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Chairman of Housing Association Responsible for Defective Development Resigns

The chairman of a housing association in the midst of a scandal surrounding an East London residential development has confirmed that he is retiring.

Sir Robin Young, a longtime civil servant, became chair of the new Clarion Housing Group when it was established in December 2016, but will now leave in April.

The announcement comes three weeks after a report was published on Orchard Village, an estate in Havering whose residents complain of serious problems ranging from mold and damp to dangerous toxic gas levels.

Orchard Village cost around £80m to build, over £30m of which was public funding. As a result of a residents’ campaign, Clarion pledged to buy back freeholder-owned properties. Tenants have been offered compensation which has so far ammounted to £100 per household.

Sir Young had previously been the chairman of Circle Housing, which owned and managed Orchard Village, before it merged with the housing group Affinity Sutton to form Clarion, which heads approximately 125,000 homes across England.

This move comes after Clarion lost its deputy chief executive, another former Circle Housing senior executive.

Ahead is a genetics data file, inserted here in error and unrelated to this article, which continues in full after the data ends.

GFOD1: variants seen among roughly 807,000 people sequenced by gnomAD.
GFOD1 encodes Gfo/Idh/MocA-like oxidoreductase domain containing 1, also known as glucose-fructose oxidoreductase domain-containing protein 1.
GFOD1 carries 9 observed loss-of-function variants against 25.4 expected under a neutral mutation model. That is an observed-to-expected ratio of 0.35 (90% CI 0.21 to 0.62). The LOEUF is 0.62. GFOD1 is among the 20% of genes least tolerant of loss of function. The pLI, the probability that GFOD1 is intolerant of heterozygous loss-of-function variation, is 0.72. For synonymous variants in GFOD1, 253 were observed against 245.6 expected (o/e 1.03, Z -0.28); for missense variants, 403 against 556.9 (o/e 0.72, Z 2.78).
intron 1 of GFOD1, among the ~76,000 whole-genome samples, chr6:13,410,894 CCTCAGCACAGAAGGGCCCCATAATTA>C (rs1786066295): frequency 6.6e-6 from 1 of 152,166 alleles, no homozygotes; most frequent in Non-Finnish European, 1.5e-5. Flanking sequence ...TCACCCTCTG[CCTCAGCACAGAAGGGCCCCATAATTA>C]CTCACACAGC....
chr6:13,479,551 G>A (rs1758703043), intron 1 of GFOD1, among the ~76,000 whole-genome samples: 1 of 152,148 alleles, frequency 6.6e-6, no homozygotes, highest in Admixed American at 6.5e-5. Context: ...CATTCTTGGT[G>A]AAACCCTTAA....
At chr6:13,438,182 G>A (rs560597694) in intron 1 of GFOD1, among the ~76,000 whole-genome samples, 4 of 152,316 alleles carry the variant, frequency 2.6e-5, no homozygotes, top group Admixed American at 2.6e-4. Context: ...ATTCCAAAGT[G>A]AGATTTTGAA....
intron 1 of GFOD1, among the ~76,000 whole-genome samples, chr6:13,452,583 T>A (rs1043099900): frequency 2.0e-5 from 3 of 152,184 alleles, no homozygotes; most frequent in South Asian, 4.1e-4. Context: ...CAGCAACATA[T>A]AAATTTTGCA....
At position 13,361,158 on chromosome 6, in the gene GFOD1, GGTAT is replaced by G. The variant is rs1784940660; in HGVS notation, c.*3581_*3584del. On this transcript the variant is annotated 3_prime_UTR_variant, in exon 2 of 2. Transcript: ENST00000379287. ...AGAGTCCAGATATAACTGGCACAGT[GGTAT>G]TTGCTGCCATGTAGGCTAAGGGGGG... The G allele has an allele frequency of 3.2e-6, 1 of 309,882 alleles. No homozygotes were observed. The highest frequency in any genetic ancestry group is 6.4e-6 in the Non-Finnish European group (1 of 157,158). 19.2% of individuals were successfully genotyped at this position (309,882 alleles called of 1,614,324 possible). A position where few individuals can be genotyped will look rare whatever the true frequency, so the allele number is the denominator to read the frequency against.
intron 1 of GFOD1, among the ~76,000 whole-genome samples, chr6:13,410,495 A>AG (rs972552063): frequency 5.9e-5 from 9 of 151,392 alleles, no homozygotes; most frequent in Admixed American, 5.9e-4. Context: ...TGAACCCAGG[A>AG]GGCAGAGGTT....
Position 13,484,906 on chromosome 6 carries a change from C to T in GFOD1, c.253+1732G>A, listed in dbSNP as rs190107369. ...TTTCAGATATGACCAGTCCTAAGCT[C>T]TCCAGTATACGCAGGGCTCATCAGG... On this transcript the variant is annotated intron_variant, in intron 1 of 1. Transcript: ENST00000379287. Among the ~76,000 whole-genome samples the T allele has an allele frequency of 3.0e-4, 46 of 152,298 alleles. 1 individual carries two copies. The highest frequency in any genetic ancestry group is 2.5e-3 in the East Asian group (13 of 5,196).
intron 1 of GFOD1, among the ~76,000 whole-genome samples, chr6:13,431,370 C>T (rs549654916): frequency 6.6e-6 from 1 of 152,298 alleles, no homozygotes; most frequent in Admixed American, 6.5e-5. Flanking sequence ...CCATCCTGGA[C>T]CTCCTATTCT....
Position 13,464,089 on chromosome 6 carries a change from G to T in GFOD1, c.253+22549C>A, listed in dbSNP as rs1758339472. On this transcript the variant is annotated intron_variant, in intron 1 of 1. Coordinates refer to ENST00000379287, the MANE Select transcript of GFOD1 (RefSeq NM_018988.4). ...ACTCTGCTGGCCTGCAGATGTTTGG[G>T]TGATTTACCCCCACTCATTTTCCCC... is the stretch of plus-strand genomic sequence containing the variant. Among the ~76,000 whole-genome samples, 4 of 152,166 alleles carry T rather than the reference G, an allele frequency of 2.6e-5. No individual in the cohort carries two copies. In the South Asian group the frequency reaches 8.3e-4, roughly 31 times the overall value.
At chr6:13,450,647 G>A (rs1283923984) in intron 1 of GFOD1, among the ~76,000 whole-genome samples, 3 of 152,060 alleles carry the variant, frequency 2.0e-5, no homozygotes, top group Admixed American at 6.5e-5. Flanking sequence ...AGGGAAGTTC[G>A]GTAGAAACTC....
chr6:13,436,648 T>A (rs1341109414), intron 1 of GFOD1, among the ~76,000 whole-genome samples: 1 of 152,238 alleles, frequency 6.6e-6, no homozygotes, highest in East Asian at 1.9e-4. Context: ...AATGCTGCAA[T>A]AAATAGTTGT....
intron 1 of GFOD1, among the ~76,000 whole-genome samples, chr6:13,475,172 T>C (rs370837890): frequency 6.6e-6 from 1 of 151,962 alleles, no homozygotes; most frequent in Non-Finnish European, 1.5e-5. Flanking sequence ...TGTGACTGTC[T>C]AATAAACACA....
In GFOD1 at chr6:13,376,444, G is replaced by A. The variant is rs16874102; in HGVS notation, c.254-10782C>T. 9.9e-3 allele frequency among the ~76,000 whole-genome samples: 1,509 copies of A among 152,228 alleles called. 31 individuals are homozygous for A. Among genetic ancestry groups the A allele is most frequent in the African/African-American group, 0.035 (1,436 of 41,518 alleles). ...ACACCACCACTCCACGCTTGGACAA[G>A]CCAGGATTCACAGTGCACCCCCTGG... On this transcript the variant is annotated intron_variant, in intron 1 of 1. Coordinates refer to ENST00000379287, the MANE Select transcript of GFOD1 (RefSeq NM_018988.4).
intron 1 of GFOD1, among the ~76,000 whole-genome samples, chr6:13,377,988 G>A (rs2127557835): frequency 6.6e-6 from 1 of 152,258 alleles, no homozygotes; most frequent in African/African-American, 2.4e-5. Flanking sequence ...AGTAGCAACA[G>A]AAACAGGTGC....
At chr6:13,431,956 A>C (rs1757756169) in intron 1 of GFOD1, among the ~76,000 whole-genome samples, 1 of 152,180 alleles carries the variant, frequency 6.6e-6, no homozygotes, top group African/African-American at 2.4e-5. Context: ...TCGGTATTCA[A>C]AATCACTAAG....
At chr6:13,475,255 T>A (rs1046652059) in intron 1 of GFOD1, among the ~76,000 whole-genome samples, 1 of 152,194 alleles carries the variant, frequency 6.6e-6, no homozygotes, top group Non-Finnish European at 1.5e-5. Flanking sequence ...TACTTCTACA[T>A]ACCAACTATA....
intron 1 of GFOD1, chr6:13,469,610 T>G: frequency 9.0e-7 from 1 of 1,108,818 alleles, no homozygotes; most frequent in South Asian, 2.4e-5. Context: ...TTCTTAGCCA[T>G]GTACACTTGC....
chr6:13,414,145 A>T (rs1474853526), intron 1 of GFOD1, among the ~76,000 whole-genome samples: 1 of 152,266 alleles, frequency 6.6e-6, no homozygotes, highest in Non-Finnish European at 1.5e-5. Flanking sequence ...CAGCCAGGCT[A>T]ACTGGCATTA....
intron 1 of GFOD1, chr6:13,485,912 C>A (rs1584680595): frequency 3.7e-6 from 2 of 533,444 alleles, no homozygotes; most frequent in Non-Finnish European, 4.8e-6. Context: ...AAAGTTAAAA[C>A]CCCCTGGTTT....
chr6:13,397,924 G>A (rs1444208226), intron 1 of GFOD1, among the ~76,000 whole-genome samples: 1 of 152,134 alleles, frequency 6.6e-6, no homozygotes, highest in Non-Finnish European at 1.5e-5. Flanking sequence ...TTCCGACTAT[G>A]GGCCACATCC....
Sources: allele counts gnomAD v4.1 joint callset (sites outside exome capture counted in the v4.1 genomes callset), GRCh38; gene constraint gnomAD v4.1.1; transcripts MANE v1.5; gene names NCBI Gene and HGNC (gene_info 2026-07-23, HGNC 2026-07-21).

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In an official statement, Sir Young said that he enjoyed his time in social housing and that it was time to stand down after over eight years. Clarion did not comment on whether he was stepping down due to recent criticisms about Circle, the Clarion group problems, or the Orchard Village issues.

The problems facing the Clarion group also include issues in Tower Hamlets, where residents had experienced leaks, poor heating, and damaged walls and ceilings. Last October the area’s MP warned that there was a trend towards larger, more remote housing associations that were less accountable to their communities.

Last December the Homes and Communities Agency, the official housing regulatory, said that the Circle had breached its home standard and put its tenants at serious risk. These conclusions drove the agency to hit the Clarion Group with a warning about the potential of serious danger to its residents.

The HCA has also considered new complaints arising from Clarion’s response to issues experienced by disabled and vulnerable tenants at Orchard Village, such as leaks, mold, and sewage, but opted not to act. The agency acknowledged in official correspondence that such conditions would cause distress, frustration, and worry, but that responsibility for addressing them now rested with Clarion.

Clarion previously stated that its project team had already made progress in dealing with the Orchard Village build defects, and during that time, it has provided residents with a fast response and action to any general repair issues or defects.

Regarding allegations of dangerous toxic gas levels, Clarion said that it was taking the concerns of residents seriously, and has now ordered several rigorous scientific tests.


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